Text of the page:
In November 1942, Arts Regiment landed on Guadalcanal to replace the Marines who had fought so hard to gain ground and defend it. Art was in Battalion B, which was tasked with defending Henderson field and the surrounding area along with unloading their supplies from the transport ships, while Battalions A and C went looking for the Japanese. During that time, Battalion B was subjected to naval bombardment and Ariel attack at night.

When the other Battalions found the Japanese, the fight was on. After a 2 day March through thick jungle and Japanese Sniper infested swamps, they reached their destination. In January 1943, the 132nd Infantry Regiment of the division took Hill 27 and 31 of the Mount Austen complex. The division later participated in offensives to sweep Guadalcanal of remaining Japanese resistance. After the last Japanese defenders were killed, captured, or evacuated from the island, the division was relieved on 9 February 1943.

The following are excerpts from a 16 page letter Art wrote while recovering from disabling wounds on New Zealand. He had the letter smuggled, with the son of the family he was staying with, to his parents when the boy went to the US for pilot training. Though Art was badly wounded and could no longer be in combat or play ball again, he requested to stay and take a clerk position sot that person trained for combat could fight. 

In late June 1943, he was assigned to Marine Air Group 25 on Guadalcanal which would form the South Pacific Combat Air Transport Command (SCAT), supporting the logistics of operations in the South Pacific Theater. In October 1943, future President Navy Lieutenant Richard Nixon took command of SCAT. Art was sent to the new SCAT unit set to support the fighting on Bougainville Island. After that campaign was completed he island hopped all the way to Japan. Art served 35 months in the Pacific earning several awards including the Bronze Star with honors & the Purple Heart.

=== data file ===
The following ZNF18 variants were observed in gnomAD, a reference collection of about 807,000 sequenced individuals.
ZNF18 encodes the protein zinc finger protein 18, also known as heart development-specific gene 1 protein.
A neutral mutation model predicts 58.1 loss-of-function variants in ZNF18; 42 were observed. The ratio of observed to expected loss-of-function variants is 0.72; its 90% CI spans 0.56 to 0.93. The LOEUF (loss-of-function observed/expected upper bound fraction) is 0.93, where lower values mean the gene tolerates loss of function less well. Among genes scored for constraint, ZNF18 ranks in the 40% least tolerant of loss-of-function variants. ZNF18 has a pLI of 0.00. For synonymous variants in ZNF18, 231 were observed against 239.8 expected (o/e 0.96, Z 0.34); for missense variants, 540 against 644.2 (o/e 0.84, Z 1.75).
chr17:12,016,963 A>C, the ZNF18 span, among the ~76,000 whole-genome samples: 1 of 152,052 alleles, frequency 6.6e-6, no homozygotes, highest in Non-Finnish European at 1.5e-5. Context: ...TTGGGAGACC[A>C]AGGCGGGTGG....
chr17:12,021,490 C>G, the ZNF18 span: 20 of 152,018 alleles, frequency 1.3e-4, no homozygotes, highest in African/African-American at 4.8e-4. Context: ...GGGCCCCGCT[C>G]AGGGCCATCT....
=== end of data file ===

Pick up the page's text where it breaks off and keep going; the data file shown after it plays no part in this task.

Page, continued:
After the war he spent a lot of time in and out of the VA hospital getting married and having kids. I’m named after his best friend killed by a sniper on the way to Hill 27. In the end he was the only one in his platoon who survived the war which wore on heavy, he suffered with PTSD the rest of his life. He was wounded during the 3rd Bonsai Charge and taken to the aid station on the back side of the hill they were defending. His weapons, except for his knife were taken and after treatment hidden among tree roots until morning. The next day they arranged a group to carry back the wounded. Because they planned to go through the swamp where he lost several men in, he refused to go. Those men were never heard from again. 

Art was a very patriotic man, during the Vietnam War he had men who were from Illinois that were training at Fort Gordon come to our home and spend their weekend off in a home setting among friends. That’s something that I have never forgotten and which others had done the same at Fort Jackson and Fort Benning. 

Art passed just before 9/11 at the age of 82, he lived a full life and will always be missed.

The parts of the letter he wrote was published in the World War ll History Magazine. Below are the pages as published.